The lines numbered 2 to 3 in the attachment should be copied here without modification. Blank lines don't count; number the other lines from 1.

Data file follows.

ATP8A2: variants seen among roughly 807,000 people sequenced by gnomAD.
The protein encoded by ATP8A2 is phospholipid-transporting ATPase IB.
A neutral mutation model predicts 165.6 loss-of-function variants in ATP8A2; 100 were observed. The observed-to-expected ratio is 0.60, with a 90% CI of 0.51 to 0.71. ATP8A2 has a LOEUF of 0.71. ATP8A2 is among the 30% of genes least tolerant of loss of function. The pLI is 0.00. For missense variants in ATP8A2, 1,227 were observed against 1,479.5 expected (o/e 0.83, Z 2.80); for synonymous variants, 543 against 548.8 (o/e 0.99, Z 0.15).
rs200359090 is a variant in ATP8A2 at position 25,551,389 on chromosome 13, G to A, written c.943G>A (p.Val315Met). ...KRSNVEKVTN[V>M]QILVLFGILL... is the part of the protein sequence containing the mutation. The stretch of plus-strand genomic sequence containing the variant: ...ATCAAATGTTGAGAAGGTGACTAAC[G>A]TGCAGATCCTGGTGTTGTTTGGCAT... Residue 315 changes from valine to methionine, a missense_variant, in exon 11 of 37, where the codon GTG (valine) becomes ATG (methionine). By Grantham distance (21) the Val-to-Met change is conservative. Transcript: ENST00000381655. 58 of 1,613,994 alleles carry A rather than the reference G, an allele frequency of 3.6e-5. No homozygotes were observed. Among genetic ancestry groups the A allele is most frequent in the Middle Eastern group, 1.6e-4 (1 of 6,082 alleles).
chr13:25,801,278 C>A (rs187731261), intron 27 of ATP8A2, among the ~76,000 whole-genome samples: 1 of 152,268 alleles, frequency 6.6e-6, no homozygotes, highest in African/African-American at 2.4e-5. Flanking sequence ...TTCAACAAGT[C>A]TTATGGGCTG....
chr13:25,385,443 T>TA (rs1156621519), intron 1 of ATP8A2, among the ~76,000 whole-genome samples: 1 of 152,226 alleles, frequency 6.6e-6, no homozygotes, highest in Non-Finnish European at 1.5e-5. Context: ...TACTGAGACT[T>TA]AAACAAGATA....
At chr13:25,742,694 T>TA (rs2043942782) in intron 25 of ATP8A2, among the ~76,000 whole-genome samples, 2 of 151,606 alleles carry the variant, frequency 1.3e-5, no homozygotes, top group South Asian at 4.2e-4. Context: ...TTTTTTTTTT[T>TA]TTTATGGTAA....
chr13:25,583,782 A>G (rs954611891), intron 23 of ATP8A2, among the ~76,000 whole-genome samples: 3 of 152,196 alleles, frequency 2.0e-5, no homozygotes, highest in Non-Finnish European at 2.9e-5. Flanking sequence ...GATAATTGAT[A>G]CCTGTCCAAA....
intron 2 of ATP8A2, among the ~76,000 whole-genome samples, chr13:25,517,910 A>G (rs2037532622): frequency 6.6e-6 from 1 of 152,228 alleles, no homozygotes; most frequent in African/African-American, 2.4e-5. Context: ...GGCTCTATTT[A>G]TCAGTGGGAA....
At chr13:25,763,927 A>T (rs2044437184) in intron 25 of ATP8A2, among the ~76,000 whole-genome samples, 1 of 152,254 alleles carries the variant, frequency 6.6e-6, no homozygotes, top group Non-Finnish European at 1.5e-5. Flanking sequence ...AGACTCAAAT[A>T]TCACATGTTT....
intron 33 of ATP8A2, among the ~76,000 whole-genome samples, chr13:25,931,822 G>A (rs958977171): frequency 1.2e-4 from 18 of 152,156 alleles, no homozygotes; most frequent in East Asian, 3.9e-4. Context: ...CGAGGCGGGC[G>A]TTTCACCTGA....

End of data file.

The protein encoded by ATP8A2 is phospholipid-transporting ATPase IB.
A neutral mutation model predicts 165.6 loss-of-function variants in ATP8A2; 100 were observed. The observed-to-expected ratio is 0.60, with a 90% CI of 0.51 to 0.71. ATP8A2 has a LOEUF of 0.71. ATP8A2 is among the 30% of genes least tolerant of loss of function. The pLI is 0.00. For missense variants in ATP8A2, 1,227 were observed against 1,479.5 expected (o/e 0.83, Z 2.80); for synonymous variants, 543 against 548.8 (o/e 0.99, Z 0.15).